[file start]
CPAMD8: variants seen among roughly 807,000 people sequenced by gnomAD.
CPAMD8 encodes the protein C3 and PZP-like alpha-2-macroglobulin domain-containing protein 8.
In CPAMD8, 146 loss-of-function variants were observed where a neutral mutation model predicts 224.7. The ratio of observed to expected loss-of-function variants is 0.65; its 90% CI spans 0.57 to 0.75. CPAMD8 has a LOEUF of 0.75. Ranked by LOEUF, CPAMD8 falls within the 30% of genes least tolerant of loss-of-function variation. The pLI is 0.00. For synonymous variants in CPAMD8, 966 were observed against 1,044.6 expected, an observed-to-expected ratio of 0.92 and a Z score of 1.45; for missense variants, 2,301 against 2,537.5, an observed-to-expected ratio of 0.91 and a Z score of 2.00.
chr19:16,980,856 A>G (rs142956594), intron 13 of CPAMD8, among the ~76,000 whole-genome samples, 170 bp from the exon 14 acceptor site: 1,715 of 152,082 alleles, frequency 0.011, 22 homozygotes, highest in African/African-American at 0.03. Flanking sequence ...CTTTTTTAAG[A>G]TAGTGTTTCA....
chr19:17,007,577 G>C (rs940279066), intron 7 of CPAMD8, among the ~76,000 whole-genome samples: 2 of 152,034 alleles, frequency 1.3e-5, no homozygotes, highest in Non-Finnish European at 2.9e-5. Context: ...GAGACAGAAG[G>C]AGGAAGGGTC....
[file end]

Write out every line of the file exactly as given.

CPAMD8: variants seen among roughly 807,000 people sequenced by gnomAD.
CPAMD8 encodes the protein C3 and PZP-like alpha-2-macroglobulin domain-containing protein 8.
In CPAMD8, 146 loss-of-function variants were observed where a neutral mutation model predicts 224.7. The ratio of observed to expected loss-of-function variants is 0.65; its 90% CI spans 0.57 to 0.75. CPAMD8 has a LOEUF of 0.75. Ranked by LOEUF, CPAMD8 falls within the 30% of genes least tolerant of loss-of-function variation. The pLI is 0.00. For synonymous variants in CPAMD8, 966 were observed against 1,044.6 expected, an observed-to-expected ratio of 0.92 and a Z score of 1.45; for missense variants, 2,301 against 2,537.5, an observed-to-expected ratio of 0.91 and a Z score of 2.00.
chr19:16,980,856 A>G (rs142956594), intron 13 of CPAMD8, among the ~76,000 whole-genome samples, 170 bp from the exon 14 acceptor site: 1,715 of 152,082 alleles, frequency 0.011, 22 homozygotes, highest in African/African-American at 0.03. Flanking sequence ...CTTTTTTAAG[A>G]TAGTGTTTCA....
chr19:17,007,577 G>C (rs940279066), intron 7 of CPAMD8, among the ~76,000 whole-genome samples: 2 of 152,034 alleles, frequency 1.3e-5, no homozygotes, highest in Non-Finnish European at 2.9e-5. Context: ...GAGACAGAAG[G>C]AGGAAGGGTC....